High blood pressure and chronic kidney disease (CKD)
Monitoring blood pressure is an essential part of maintaining healthy kidneys. Keeping your blood pressure at prescribed levels is important in both preventing chronic kidney disease (CKD) and slowing its progression. If you have diabetes or proteinuria (protein in the urine), it is especially important to control your high blood pressure. Kidney disease hypertension is serious and requires your attention to achieve good control.
High blood pressure (or hypertension) is the second leading cause of CKD. If you have high blood pressure and it goes untreated, blood vessels throughout your body can be damaged. When your kidneys’ blood vessels are damaged, their ability to remove waste and excess fluids from your body is impaired and serious health issues can occur. In addition, the extra fluid in your blood can cause your blood pressure to go up even higher, creating a dangerous cycle. Increased blood pressure due to kidney changes is referred to as kidney disease hypertension
Diagnosing high blood pressure
There are no obvious symptoms of high blood pressure or hypertension, so it can go unnoticed and cause damage before it is diagnosed. That’s why it’s critical that you have your blood pressure checked regularly by your doctor. You can also learn to take your blood pressure at home or at your local pharmacy for more frequent readings. For the most accurate reading, blood pressure should be checked in a quiet room after you’ve been sitting still for at least five minutes.
Normal blood pressure for adults is less than 120/80. If your reading is consistently at or above 140/90, you have Stage 1 hypertension which is an early phase of high blood pressure. If your blood pressure falls between normal and Stage 1, you are considered pre-hypertensive and should make lifestyle changes to lower your blood pressure to prevent kidney disease, as well as heart disease. If you have CKD, strive to keep your blood pressure at or below 130/80, according to the National Kidney Foundation.
Controlling high blood pressure
If you are hypertensive or pre-hypertensive, the following lifestyle guidelines can help you control your blood pressure.
- Maintain your weight at a level appropriate for you height.
- Eat fresh fruits and vegetables, whole grains and low-fat dairy foods (unless you are prescribed a diet).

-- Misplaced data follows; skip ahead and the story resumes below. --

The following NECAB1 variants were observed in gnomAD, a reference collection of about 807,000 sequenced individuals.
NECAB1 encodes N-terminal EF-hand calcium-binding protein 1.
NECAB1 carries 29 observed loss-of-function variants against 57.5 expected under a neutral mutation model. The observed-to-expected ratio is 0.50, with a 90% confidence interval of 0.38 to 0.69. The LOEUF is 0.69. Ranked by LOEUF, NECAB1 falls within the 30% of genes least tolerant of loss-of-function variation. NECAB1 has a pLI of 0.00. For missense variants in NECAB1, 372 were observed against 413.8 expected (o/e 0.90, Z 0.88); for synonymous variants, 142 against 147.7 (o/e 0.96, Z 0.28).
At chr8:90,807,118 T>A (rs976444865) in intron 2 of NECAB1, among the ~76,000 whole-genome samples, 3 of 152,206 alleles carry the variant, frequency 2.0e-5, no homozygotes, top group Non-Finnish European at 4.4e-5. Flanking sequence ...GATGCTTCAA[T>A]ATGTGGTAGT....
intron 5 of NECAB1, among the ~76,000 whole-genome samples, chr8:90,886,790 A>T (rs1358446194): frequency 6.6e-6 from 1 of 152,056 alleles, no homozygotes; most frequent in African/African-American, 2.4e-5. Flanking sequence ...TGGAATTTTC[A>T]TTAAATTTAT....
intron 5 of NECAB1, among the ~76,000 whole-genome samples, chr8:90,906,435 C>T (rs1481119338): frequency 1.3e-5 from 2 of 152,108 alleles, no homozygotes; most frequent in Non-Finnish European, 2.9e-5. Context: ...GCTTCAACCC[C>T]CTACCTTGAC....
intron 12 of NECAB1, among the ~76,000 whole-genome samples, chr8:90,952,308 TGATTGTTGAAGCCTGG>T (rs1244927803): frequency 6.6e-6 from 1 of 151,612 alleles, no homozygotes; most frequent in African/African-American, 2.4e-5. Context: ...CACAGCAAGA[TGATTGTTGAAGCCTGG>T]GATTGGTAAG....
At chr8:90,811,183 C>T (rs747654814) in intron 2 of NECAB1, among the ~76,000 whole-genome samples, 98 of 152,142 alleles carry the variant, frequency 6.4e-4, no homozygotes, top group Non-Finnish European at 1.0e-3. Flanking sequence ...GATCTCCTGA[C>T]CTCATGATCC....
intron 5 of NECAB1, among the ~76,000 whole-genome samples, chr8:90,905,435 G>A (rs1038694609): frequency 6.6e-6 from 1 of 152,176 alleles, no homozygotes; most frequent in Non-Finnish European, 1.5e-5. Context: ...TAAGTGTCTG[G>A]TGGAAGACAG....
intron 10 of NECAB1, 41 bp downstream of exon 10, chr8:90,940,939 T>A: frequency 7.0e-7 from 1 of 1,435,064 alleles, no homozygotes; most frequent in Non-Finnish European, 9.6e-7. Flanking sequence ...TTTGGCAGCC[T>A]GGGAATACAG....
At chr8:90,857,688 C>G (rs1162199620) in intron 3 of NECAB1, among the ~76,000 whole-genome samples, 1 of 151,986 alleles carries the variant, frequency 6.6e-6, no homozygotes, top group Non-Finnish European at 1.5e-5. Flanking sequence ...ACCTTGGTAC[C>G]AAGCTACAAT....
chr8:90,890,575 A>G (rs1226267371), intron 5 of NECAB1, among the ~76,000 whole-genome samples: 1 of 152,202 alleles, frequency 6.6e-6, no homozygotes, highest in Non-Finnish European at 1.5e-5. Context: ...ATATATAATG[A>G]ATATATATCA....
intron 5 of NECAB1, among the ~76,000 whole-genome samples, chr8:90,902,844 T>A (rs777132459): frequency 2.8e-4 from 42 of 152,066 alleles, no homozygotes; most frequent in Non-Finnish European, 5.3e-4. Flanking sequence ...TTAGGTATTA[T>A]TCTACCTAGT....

- Limit your daily sodium intake to 2,000 milligrams.
- Exercise at a moderate level for 30 minutes almost every day.
- Avoid consuming too much alcohol. Men should have no more than two drinks per day, and women no more than one drink per day.
- Do not smoke.
Along with a healthy lifestyle, you may need medication to control your blood pressure. The most common types of blood pressure medications are diuretics, angiotensin-converting enzyme (ACE) inhibitors, angiotensin receptor blockers (ARBs), beta blockers and calcium channel blockers. Studies have shown that ACE inhibitors and ARBs protect the kidneys and slow the progression of chronic kidney disease. Diuretics, also known as water pills, help increase urination to get rid of excess fluid. You may need to take two or more blood pressure medications to keep your blood pressure at or below 130/80 if you have been diagnosed with kidney disease hypertension.
Preventing kidney failure when you have high blood pressure
High blood pressure is one of the leading causes of kidney failure, also called end stage renal disease (ESRD), or Stage 5 chronic kidney disease. People at this stage must either receive a kidney transplant or have regular blood-cleansing treatments called dialysis. To prevent kidney failure, it is important to take every measure to maintain your blood pressure at the recommended levels. It is necessary for you to learn all about your treatments, and work with your doctor and other health care practitioners to help you achieve your health goals.
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